Ten years of trying has proven to us that the only way a camping festival can survive financially is to reach a size of about 8,000 people, due to the fixed costs. You can imagine the challenges of attempting to grow the festival to the size needed, with all the infrastructure required to keep that many people entertained, safe, fed, watered and with clean toilets (and having the cleanest toilets of any festival is very high on our priorities), yet at the same time retain the community, family, non-commercial and above all friendly atmosphere. I hope that this link might take you to the public reviews on Google. My feeling was last year that we achieved this atmosphere for the visitors but not for the crew, who were over-stressed. I am spending a lot of time on how to make the community work for everybody and keep the finances together, while avoiding commercialisation. We are always very keen on keeping bar and food prices down to ordinary, non-festival levels and making sure that people never feel ripped off on site.
Artistically, I think we succeeded. Doune the Rabbit Hole was a beautiful experience. The Herald’s review of the 2022 Festival called it “the most relaxed of festivals” and concluded:
the self-proclaimed ‘Scotland’s biggest independent festival’ has proved it is a crucial part of the nation’s festival scene, after pandemic-related postponements in 2020 and 2021, with a tasty recipe of relaxed, family-friendly fun, cutting edge new music and established names.
I believe uniquely among music festivals of this size, Doune the Rabbit Hole had no permanent police presence, because the police deemed it unnecessary. Over 14 years, Doune the Rabbit Hole witnessed a total of eight arrests, six for drug dealing and two over matters unrelated to the festival. Most commercial festivals have at least that many arrests every single day. There was never a single fight in the bars, even though they opened until 3am.
I treasured this description of her first festival experience by Nicola Biggerstaff:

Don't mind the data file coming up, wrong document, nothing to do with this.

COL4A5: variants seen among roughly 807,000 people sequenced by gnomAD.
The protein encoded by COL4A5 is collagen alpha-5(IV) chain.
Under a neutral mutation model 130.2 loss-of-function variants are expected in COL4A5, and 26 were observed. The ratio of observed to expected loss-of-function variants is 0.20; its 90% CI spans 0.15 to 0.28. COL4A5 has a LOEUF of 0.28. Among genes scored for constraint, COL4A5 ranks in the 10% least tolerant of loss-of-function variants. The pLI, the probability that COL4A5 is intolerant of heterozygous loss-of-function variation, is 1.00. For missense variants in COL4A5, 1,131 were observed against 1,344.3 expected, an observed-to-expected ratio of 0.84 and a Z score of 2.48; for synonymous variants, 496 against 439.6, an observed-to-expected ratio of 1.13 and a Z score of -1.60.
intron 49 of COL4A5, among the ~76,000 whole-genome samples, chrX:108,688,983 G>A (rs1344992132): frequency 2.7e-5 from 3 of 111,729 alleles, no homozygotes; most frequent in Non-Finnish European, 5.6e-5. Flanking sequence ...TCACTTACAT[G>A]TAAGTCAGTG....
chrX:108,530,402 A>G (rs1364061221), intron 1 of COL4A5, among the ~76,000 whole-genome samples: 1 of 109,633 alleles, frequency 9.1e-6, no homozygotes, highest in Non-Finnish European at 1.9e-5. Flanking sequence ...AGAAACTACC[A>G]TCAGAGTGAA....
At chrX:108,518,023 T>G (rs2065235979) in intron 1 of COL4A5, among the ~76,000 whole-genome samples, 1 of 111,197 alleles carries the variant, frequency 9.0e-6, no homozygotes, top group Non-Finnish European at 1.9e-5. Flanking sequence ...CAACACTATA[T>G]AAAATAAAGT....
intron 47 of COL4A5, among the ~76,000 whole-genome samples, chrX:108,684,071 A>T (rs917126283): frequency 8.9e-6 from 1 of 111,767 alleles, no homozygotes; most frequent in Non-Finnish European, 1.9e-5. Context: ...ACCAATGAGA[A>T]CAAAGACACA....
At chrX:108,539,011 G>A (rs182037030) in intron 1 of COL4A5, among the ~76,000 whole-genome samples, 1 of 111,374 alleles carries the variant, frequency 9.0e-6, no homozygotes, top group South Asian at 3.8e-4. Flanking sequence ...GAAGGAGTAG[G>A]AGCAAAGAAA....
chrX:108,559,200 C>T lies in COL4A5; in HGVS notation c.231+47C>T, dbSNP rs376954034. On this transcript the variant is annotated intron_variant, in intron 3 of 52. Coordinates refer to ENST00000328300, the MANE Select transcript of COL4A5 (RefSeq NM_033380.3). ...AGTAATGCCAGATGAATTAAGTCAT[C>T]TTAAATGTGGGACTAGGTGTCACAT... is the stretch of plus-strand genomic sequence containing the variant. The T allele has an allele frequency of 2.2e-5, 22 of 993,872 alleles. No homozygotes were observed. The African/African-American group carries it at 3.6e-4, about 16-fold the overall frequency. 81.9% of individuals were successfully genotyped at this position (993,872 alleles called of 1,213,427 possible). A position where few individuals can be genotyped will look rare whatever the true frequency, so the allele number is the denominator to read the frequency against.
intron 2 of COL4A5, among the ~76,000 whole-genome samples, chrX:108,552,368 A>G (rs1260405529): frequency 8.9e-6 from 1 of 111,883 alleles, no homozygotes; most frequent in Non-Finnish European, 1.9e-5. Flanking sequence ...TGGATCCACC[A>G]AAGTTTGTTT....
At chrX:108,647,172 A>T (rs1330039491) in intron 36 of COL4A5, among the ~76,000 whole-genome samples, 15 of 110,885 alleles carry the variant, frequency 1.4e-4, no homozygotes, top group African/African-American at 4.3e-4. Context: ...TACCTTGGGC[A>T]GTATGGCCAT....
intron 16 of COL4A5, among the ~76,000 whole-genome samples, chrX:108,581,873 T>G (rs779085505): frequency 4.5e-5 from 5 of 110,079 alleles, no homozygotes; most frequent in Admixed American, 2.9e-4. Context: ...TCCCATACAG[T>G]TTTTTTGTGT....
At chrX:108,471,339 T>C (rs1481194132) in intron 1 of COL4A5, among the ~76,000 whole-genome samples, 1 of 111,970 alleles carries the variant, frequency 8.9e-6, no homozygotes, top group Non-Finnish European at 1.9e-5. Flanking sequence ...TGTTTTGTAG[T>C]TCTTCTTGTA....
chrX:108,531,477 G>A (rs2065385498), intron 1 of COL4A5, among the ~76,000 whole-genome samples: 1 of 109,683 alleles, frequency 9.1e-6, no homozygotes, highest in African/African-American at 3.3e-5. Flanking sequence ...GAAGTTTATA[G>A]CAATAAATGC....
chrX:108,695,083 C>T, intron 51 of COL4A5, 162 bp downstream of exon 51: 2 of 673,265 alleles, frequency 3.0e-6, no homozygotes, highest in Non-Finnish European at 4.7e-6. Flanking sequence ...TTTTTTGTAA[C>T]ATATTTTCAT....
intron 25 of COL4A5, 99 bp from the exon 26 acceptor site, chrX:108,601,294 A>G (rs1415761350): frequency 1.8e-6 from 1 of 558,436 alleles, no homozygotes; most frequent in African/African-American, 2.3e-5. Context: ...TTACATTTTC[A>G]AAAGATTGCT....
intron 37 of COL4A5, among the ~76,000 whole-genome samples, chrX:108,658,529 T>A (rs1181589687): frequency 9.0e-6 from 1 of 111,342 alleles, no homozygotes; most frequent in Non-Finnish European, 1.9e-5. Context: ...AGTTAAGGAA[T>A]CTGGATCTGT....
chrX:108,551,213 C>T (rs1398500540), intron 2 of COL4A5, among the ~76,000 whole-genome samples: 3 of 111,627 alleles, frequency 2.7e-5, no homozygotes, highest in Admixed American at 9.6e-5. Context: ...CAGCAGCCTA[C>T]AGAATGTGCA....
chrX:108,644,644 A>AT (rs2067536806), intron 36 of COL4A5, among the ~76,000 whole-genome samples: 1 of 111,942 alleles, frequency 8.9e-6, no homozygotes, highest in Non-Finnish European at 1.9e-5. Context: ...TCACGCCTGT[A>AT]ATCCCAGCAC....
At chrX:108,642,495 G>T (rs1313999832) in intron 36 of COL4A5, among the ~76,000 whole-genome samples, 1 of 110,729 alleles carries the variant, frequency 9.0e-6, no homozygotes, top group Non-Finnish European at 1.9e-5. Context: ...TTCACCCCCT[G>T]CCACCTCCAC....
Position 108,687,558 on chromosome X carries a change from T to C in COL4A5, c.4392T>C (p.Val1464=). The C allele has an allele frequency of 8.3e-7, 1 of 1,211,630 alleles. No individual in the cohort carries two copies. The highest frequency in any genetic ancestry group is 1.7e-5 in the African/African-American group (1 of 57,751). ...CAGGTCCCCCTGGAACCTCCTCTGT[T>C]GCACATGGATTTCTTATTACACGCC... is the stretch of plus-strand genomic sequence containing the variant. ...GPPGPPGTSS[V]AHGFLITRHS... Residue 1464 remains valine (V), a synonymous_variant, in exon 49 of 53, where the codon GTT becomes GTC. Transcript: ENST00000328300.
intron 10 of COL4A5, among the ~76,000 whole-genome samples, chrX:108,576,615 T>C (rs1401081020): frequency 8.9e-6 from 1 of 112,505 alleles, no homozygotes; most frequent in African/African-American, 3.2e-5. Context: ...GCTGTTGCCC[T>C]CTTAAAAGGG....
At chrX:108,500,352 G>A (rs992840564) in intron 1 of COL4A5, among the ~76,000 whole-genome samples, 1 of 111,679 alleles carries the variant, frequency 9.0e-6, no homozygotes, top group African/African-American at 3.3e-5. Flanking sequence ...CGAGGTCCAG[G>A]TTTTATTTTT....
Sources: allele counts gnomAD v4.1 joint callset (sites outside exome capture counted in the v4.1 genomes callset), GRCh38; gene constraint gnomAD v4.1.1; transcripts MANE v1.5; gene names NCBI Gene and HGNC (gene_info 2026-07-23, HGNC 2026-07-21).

The thing that immediately struck me was the relaxed nature of our fellow festival-goers. Knowing only of the hundreds of thousands-strong Glastonbury crowds and the horror stories of the Astroworld crush and the lack of crowd control at Wireless, I was blown away by the chilled-out atmosphere hanging in the air, almost conflicting with the now soaring heat. With my history of anxiety, I was worried about being looked at, being judged, if I was wearing the right thing. I was immediately put right at ease by the array of characters who passed us by without a care in the world. Mad Hatter’s, inflatable T-Rexes, men in flowing skirts and women in suits, families in hiking gear and everything in between. Glitter, neon face paints, bandanas for miles. I had no reason to worry, I could breathe freely. By the first evening, we had given up on make-up and could not have cared less about it. All we needed on our faces was a smile, and a wide-eyed admiration of those who continued to adorn themselves in the forementioned for the duration of the weekend.
Robin McAlpine’s analysis of Doune the Rabbit Hole also summed up precisely what it meant to me.
Finally, what is it that makes people that go to this festival so often reach for ‘friendly’ as the first adjective to describe it? Why does that sense stick with us so much? The answer is because that’s the culture which is created. You smile at strangers when you pass because they smile at you. You help people or start conversations with them because someone else did it for you.
I’m pretty sure these aren’t ‘particularly nice and friendly people’ – it’s not a weekend based on genetic selection or anything. It’s the expectations we set ourselves when we arrive. We expect to not mind taking the ten seconds to stop and say hello, or to pick up something someone has dropped for them, or to tell someone that they look great. So we do.
Happy moments which are out of our normal reality are messages from ourselves to ourselves about why we should not accept our normality
Why are those expectations not ones we hold the rest of the time? What is it that gives us permission to be better people at this event than we might be day to day? I think the main answers are community and time. No-one is rushing, things will wait and if they don’t well that’s not a disaster. You don’t have ten things you have to do with time to do only six.